Sliding out the blade of the snap-off knife, Mindy positioned the triangular point just over her mother’s larynx. She took a steadying breath, and then she pushed the point as deep as she could into her mother’s neck. It made a faint popping sound as it went in. Her mother jerked, and gasped, but then Mindy dragged the blade all the way down as far as the pillow, so that she sliced through her mother’s platysma muscle and severed her carotid artery and her jugular veins. Her neck gaped open like some hideous second mouth, and blood flooded out in a crimson torrent, drenching her nightgown and soaking the sheet underneath her. As her heart pumped out more and more blood, Mindy was spattered, too, all over her face and her T-shirt and her jacket.

Mindy’s mother let out a bubbling, whistling sound, and flapped her arms up, trying to reach the gaping wound in her neck. Her father sat up instantly and said, ‘What? Janet! What’s going on?’

He saw all the blood pouring out of Mindy’s mother’s neck, and stared at Mindy aghast. ‘Jesus! What have you done? Janet! Janet, hold on!’

Mindy stood watching him impassively as he dragged up the duvet and pressed it against her mother’s neck. The rose-patterned duvet cover was sodden with blood in an instant, and her father realised with a howl of grief that there was nothing that he could do to save her. He pulled back the duvet and tried to cover her neck with his hand, but it was hopeless. Blood gushed out between his fingers with every beat of her heart.

‘Janet!’ he begged her. ‘For God’s sake don’t die! Janet!’ Then he looked up at Mindy and screamed at her, ‘Dial nine-nine-nine! Dial nine-nine-nine! It’s the least you can do, you little monster!’

As he turned back to look down at Mindy’s mother again, Mindy picked up the hammer that she had left on the bed beside her. She lifted it high above her head with both hands, paused, and then swung it down to hit her father as hard as she could on the back of his head. It made a loud clock sound, and he collapsed on top of her mother, stunned but not completely knocked out. When he tried to lift his head again, though, Mindy hit him again, and then again, and when he rolled over sideways, she quickly went around to the opposite side of the bed and beat his head until she heard his skull crack. Then she turned her attention to his face, knocking five or six circular dents into his forehead and breaking the bridge of his nose. Lastly, she smashed his mouth and his chin and his jaw, until his lips burst open and his bloody teeth were scattered across the sheet.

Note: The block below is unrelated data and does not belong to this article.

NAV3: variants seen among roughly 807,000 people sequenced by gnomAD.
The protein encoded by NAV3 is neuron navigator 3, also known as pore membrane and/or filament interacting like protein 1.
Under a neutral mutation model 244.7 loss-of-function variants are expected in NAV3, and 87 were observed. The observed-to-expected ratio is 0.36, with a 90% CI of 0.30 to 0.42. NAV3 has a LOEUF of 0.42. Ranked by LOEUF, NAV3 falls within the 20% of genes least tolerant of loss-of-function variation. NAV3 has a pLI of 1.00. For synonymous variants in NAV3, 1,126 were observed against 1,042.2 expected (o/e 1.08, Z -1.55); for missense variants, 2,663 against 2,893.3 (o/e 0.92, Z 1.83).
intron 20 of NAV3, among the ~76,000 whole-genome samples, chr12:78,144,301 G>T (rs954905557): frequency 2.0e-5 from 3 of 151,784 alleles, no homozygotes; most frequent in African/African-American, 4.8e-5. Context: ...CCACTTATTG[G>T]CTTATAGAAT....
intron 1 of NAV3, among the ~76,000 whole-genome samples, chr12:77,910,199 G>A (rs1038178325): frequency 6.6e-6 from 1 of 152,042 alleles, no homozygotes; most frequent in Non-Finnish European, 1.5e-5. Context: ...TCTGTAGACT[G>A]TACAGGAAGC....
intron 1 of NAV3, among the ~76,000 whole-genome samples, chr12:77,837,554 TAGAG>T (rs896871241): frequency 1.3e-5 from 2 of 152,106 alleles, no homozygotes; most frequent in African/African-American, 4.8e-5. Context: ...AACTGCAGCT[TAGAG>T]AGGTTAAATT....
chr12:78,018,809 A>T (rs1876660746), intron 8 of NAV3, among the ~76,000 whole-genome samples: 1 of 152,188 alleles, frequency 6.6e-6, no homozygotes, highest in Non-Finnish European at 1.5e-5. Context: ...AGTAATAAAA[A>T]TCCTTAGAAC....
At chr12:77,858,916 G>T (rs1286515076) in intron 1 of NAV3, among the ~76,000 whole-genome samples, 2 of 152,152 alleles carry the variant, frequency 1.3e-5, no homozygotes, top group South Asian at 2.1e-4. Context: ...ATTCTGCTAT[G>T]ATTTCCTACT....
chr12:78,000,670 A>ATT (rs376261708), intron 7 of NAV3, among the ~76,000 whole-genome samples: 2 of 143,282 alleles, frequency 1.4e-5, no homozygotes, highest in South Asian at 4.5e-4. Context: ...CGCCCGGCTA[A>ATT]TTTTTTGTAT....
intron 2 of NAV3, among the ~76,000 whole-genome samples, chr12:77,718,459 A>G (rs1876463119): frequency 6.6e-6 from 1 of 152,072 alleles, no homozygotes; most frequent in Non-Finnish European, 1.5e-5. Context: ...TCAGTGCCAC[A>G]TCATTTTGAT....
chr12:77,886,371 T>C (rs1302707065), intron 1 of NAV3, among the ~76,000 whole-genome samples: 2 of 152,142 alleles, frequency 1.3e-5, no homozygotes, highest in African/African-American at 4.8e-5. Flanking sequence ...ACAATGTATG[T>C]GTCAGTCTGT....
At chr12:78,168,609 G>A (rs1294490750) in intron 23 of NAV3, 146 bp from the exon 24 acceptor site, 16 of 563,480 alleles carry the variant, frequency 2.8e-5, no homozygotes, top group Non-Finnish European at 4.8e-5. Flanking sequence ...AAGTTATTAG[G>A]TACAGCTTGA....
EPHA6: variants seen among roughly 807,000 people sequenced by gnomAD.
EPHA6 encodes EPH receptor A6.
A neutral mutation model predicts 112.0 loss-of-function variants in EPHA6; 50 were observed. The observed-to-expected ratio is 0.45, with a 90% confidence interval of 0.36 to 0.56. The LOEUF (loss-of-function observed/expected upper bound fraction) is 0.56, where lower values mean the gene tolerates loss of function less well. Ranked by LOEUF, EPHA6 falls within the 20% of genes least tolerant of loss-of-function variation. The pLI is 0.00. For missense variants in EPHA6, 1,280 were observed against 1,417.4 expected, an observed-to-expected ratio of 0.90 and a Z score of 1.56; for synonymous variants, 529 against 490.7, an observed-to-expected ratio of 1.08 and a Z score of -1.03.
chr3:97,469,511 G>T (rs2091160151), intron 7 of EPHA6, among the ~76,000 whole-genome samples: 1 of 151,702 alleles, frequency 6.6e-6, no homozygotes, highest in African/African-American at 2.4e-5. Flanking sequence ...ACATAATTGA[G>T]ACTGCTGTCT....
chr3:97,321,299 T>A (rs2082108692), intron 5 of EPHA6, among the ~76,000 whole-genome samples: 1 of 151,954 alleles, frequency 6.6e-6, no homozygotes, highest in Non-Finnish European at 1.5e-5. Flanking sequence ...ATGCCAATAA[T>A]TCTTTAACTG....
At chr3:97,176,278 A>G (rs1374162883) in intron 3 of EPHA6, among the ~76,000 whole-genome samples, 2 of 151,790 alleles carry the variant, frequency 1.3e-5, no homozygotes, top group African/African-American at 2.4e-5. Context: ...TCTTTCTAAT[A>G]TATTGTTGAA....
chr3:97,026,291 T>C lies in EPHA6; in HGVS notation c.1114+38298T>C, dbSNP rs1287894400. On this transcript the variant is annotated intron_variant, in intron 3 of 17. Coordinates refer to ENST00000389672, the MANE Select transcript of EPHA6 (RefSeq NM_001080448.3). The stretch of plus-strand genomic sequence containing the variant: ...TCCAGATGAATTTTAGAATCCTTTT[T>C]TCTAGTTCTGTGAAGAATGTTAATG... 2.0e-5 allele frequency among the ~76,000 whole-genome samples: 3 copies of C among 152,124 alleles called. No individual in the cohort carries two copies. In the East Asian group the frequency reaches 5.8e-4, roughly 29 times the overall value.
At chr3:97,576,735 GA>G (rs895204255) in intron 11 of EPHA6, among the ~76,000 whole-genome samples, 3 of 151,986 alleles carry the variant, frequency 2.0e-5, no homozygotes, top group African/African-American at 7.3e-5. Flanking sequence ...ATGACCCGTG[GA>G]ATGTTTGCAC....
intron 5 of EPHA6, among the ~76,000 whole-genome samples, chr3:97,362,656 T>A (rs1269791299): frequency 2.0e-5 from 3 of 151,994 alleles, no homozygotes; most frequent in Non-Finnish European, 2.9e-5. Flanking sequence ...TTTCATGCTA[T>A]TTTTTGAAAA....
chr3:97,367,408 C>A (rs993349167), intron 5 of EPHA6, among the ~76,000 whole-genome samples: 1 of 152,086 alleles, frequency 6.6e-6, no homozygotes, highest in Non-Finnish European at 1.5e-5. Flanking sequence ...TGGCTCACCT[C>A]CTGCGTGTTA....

He grunted every time she hit him because he was concussed but not dead. As soon as she had finished with the hammer, though, she picked up the craft knife again and sliced the side of his neck. A fountain of blood sprayed up almost six inches into the air, soaking his pale green pyjamas.

Mindy stood back and watched with that fixed glassy look in her eyes as her mother and her father rapidly bled out. In the half-darkness, the whole bed glistened with blood. She wondered abstractedly if she should take a strip of flesh from each of them now, while they were still alive and warm, or if she should wait until they were dead.

You ate that dog raw, didn’t you, and that made you sick. It would be better to cut off some nice lean pieces and cook them, like that casserole you made at school. Think how good that would taste, and how much more you could eat.

I loved them, but now they’re dying, both of them.

Yes – but they loved you more, and what they’re giving you now is a whole new life.

I feel sad for them.

No you don’t. One generation always has to sacrifice their lives for the next. That’s the way of the world. That’s what they were born for. This is their destiny.

There was a long silence inside Mindy’s mind. She felt as if she were standing on the edge of an endless desert, at night, with a thin cold wind blowing across it. A young girl in a blue velvet jacket was walking away from her, into the darkness, becoming smaller and smaller, and that young girl was her.

Who are you? she asked, but even though she waited and waited, she was given no answer.